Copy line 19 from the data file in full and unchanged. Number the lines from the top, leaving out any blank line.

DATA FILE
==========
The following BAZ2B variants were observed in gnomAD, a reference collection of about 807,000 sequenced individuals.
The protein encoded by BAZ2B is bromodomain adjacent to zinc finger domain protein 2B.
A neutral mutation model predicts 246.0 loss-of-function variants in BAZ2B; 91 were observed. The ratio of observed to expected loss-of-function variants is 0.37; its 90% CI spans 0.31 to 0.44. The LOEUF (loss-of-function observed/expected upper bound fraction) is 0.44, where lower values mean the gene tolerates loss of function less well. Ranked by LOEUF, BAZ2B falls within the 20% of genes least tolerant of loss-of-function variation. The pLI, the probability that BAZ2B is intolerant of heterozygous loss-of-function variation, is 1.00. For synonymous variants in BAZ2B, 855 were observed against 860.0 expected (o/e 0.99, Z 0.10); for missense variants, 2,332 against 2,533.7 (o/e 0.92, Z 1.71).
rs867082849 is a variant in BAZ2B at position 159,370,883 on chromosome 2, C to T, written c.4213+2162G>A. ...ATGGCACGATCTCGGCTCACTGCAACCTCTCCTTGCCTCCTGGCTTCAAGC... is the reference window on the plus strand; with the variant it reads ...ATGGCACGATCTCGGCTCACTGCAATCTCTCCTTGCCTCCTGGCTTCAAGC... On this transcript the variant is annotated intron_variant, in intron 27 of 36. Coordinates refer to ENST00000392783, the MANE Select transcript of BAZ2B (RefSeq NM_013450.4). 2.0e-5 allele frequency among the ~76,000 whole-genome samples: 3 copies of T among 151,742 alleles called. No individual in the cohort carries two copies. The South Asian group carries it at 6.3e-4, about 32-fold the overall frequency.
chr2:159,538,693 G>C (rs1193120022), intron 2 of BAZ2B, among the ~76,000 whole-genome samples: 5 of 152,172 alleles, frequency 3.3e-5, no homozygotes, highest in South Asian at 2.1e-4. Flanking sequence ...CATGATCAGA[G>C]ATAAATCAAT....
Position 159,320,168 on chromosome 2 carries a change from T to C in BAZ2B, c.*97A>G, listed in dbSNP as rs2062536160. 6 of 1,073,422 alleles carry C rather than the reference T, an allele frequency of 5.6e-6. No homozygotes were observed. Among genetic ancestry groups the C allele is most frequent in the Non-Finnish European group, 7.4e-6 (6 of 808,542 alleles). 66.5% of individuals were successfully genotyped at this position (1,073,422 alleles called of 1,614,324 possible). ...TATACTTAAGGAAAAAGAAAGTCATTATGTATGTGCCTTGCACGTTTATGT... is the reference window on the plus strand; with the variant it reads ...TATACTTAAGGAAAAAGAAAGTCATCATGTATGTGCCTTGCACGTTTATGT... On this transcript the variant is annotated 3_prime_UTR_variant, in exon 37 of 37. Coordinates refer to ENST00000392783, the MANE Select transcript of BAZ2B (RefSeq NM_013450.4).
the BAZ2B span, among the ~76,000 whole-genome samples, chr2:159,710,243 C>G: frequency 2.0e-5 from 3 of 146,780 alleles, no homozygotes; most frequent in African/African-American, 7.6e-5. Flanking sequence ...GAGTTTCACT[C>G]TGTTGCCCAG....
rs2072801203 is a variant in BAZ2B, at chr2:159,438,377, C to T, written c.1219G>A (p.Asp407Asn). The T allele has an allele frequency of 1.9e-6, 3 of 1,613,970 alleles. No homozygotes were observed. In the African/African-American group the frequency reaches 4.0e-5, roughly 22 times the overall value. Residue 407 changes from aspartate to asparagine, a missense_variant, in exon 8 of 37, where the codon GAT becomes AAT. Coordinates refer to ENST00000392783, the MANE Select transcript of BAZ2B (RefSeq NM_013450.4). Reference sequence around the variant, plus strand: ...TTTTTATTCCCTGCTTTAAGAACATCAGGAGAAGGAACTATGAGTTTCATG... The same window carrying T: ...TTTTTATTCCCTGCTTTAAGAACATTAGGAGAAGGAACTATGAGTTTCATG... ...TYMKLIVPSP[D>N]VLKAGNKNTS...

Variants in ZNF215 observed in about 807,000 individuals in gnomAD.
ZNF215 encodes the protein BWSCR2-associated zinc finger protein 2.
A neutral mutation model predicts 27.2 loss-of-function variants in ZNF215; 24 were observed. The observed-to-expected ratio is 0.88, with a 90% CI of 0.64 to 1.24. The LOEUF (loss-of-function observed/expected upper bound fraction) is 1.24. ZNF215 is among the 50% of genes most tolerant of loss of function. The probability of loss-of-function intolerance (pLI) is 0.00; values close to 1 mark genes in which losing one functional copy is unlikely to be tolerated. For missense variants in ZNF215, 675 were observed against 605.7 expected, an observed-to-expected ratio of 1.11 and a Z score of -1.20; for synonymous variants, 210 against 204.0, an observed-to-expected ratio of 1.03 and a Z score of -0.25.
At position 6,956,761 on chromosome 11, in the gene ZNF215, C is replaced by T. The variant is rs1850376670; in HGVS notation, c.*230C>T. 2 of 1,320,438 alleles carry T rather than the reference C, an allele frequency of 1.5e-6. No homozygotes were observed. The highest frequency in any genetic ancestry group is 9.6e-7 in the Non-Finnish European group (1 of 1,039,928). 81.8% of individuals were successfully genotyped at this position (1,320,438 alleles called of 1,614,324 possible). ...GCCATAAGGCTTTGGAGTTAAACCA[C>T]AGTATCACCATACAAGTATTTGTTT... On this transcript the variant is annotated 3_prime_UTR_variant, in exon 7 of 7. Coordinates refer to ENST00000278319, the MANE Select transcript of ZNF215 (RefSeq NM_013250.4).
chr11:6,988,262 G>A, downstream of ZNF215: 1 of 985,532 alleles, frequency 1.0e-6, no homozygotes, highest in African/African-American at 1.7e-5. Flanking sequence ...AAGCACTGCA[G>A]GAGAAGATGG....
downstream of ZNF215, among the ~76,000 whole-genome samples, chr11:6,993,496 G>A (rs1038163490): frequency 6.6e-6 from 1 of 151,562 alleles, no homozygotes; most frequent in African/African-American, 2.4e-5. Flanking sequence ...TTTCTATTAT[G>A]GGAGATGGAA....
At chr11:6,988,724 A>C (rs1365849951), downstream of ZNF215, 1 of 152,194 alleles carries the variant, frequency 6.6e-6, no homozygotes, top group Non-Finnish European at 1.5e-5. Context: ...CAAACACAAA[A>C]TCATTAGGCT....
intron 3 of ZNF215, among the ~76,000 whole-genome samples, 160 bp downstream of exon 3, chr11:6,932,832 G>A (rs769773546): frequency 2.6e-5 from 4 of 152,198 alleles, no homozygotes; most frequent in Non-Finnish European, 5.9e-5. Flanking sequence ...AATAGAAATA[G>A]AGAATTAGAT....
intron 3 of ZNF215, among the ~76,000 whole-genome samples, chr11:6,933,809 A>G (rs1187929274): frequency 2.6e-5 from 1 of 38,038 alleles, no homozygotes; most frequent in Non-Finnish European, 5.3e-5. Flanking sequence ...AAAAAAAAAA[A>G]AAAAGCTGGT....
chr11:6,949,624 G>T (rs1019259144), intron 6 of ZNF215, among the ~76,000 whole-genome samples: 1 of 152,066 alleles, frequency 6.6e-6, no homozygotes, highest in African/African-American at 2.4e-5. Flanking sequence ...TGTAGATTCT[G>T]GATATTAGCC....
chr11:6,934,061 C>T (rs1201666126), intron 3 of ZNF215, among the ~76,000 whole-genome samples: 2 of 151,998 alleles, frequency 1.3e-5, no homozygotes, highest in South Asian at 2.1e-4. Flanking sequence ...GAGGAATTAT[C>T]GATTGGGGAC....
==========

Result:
chr11:6,934,061 C>T (rs1201666126), intron 3 of ZNF215, among the ~76,000 whole-genome samples: 2 of 151,998 alleles, frequency 1.3e-5, no homozygotes, highest in South Asian at 2.1e-4. Flanking sequence ...GAGGAATTAT[C>T]GATTGGGGAC....